Neither do you speak for all women (thank gawd). It would seem the best practice would be to use a combination of listening to the people this involves (i.e. women) and enlightened thinking. And science.


rEvolutionist wrote:
True. But that's not an argument against improving rights for women. Many slaves didn't want emancipation. Many muslim women are happy with their place (and dress codes) in Islamic society. This gets back to the enlightened thinking thing.

I am not arguing against improving woman's rights one iota.

Well that's a difference of interpretation between you and segment of the female population. Given what you've said and how much you seem to rely on your 'feelings' for deriving your beliefs, I'd be more inclined to value those females' (and sociologists') opinions over yours.

Once again, you don't have the right to not be offended.

Just repeating it doesn't make it true. We started getting into this a bit before. If offence intersects with harm, then people absolutely DO have a right not to be harmed. The problem is that you imply that offence can never intersect with harm. You'd be better off saying it thus: "You don't have the right to not be offended, unless you are harmed". But then that wouldn't be as pithy and presumably as erudite looking, I suppose.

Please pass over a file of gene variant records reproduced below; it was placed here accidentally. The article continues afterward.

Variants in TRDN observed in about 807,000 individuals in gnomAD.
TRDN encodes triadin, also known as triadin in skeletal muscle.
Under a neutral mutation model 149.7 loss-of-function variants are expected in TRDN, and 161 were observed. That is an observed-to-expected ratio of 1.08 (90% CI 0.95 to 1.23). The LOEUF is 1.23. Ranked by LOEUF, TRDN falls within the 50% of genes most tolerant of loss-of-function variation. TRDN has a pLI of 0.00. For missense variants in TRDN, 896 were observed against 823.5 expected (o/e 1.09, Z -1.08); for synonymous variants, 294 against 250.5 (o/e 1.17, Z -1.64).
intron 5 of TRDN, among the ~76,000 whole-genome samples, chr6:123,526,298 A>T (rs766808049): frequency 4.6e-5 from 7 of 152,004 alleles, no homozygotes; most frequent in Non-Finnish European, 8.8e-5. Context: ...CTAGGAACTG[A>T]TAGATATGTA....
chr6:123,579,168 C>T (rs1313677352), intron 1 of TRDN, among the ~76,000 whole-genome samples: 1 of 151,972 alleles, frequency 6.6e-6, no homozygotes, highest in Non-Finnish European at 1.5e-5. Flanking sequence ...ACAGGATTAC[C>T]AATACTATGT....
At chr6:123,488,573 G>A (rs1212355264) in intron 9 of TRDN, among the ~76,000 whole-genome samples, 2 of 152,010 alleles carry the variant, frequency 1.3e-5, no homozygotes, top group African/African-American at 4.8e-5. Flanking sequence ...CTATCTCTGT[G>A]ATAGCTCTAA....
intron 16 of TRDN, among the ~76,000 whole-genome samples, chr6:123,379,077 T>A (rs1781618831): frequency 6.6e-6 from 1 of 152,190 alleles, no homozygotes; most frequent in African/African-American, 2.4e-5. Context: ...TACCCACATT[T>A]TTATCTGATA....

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Re: Schrödinger Rapist, once again.

Post  Eldin Alvere on Fri Nov 02, 2012 10:59 pm

rEvolutionist wrote:
Jesus christ! What is your problem? I've just explained what the question is. Are you terminally stupid? Apparently so. Listen, not that I need to grant you permission to not answer the question - as you are doing fine on that regard all by yourself - but I just read another thread where you are discussing this thing with others, so I will watch along over in that thread.

Actually, you didn't. Sorry but you asked a question that was nonsensical as it wanted me to explain something that I don't agree with. Then when I ask for clarification, you get pissy. Is there any particular reason you can't simply ask the question correctly?


rEvolutionist wrote:
Couple of points - 1. Can you address the whole comment?; and 2, who says that women fearing harm from sexual harassment is irrational? Obviously you do, but what's your reasoning for this?